"Devastating for us," said business owner Beth Brewster. "It's absolutely devastating."
Brewster opened Kingston Adventures four years ago. She rents paddle boards, kayaks and bikes on a dock at the far end of the marina. The business holds a successful children's program that gets hundreds of youngsters on the water, and leads group tours.
"We've grown 70 percent, and it's because we've been able to use the floating dock for our clients," said Brewster, who served at least a thousand customers last year. "Without it, we cannot operate the way we need to succeed."
Kingston Adventures has used the dock for the past two years as a launch area for its paddle board and kayak outings. Brewster says Port officials tied it up next to her storage area and said it was hers to use.
About six weeks ago, port manager David Malone had his employees move the floating dock about thirty feet to another dock owned by the Poulsbo Sailing Club. He says it was a necessary step to comply with port regulations.
Malone insists he cannot return the dock for Brewster's use.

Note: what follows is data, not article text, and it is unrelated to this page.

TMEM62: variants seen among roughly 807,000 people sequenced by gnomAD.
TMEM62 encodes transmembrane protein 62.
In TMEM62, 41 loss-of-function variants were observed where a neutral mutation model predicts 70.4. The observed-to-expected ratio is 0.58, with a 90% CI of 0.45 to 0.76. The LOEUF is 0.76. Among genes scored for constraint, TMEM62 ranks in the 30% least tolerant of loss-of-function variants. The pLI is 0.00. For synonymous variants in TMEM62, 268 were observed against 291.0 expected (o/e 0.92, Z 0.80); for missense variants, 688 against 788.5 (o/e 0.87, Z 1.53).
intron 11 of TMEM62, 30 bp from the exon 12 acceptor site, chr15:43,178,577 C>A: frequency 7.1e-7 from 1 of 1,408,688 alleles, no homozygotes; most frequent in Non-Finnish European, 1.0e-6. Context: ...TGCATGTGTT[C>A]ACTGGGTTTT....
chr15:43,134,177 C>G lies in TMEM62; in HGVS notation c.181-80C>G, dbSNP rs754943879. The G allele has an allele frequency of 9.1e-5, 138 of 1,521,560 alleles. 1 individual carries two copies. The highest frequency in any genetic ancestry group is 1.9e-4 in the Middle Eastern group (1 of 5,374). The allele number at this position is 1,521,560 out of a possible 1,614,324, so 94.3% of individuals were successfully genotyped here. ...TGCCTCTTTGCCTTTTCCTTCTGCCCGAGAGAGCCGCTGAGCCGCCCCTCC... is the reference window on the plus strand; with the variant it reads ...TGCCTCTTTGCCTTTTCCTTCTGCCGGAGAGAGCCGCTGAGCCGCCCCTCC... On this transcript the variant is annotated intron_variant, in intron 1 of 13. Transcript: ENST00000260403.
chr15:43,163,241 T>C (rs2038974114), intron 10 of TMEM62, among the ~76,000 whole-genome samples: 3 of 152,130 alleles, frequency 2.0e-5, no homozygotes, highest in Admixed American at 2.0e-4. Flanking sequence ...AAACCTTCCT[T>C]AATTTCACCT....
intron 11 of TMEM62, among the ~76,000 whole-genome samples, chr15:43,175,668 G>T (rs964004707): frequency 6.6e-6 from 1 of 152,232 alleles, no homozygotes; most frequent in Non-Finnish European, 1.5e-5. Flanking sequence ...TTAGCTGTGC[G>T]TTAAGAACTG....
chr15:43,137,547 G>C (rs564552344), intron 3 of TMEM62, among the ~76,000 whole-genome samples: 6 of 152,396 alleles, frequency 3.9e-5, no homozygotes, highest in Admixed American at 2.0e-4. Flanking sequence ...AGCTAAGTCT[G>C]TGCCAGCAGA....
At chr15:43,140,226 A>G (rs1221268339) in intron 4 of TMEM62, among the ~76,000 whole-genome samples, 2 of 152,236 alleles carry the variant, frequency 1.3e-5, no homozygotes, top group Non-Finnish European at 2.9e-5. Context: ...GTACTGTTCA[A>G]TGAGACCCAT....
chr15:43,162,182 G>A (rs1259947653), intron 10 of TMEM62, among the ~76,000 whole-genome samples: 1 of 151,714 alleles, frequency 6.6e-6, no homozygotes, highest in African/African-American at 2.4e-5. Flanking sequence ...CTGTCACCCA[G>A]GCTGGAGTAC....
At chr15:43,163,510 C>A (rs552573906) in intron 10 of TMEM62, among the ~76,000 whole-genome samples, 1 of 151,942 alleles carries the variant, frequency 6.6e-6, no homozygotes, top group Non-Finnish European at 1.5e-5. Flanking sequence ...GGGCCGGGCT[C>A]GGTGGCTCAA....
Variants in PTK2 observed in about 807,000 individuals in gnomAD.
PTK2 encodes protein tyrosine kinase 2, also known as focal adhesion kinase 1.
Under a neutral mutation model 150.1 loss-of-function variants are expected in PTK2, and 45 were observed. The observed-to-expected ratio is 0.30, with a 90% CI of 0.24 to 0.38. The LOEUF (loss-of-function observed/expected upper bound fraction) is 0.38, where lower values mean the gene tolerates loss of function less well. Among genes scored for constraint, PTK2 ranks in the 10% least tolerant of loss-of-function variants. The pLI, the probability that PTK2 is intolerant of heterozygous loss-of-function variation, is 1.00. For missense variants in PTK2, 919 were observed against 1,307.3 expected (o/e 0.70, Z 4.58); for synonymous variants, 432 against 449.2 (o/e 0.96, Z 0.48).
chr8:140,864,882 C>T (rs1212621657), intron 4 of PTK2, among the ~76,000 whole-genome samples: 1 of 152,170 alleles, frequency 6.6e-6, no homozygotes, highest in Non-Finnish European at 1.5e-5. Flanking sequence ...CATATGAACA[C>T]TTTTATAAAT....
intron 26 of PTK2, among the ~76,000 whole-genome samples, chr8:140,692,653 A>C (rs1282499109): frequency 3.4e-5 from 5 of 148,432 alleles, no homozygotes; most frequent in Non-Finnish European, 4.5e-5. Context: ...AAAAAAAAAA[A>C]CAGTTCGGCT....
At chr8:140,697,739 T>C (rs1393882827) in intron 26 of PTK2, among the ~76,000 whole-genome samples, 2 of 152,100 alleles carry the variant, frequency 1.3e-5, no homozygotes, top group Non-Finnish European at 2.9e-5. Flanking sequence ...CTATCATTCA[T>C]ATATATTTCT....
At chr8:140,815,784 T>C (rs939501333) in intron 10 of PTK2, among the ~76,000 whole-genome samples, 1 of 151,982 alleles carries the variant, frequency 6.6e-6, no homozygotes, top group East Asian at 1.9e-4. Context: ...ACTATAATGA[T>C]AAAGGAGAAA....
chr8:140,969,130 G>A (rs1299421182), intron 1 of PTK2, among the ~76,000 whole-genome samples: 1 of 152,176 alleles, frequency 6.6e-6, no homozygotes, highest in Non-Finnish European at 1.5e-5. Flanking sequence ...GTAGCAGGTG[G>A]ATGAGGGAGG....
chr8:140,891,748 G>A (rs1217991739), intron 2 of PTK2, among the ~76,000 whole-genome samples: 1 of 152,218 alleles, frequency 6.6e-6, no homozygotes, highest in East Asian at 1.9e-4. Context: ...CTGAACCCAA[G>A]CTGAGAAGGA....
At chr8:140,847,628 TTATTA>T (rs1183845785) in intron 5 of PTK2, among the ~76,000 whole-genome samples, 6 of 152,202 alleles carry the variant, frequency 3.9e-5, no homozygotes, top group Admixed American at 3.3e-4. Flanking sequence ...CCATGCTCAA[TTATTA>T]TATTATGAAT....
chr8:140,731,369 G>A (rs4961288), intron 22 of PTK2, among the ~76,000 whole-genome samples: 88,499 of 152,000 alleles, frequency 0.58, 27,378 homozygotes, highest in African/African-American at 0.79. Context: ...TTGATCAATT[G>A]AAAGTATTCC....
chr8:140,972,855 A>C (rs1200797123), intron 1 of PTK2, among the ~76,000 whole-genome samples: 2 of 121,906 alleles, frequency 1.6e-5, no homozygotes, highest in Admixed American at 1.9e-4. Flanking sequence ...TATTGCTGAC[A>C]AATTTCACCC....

"There's a multiple number of reasons why legally I can't, as much as I would love to do so, because it would just resolve this whole thing," he said.
Malone became the new port manager in December, and says he thoroughly reviewed operations and discovered the floating dock belongs to the sailing club, and was never approved for use by Kingston Adventures.
He says its former location also violated safety regulations by possibly getting in the way of motorboats and sailboats trying to enter and leave their slips.
"The challenge here it's a safety issue, it's a permitting issue, it's an environmental issue," Malone said.
Brewster has hired a lawyer to fight the port's decision, and disagrees with Malone on many points, including whether the floating dock did indeed violate safety rules.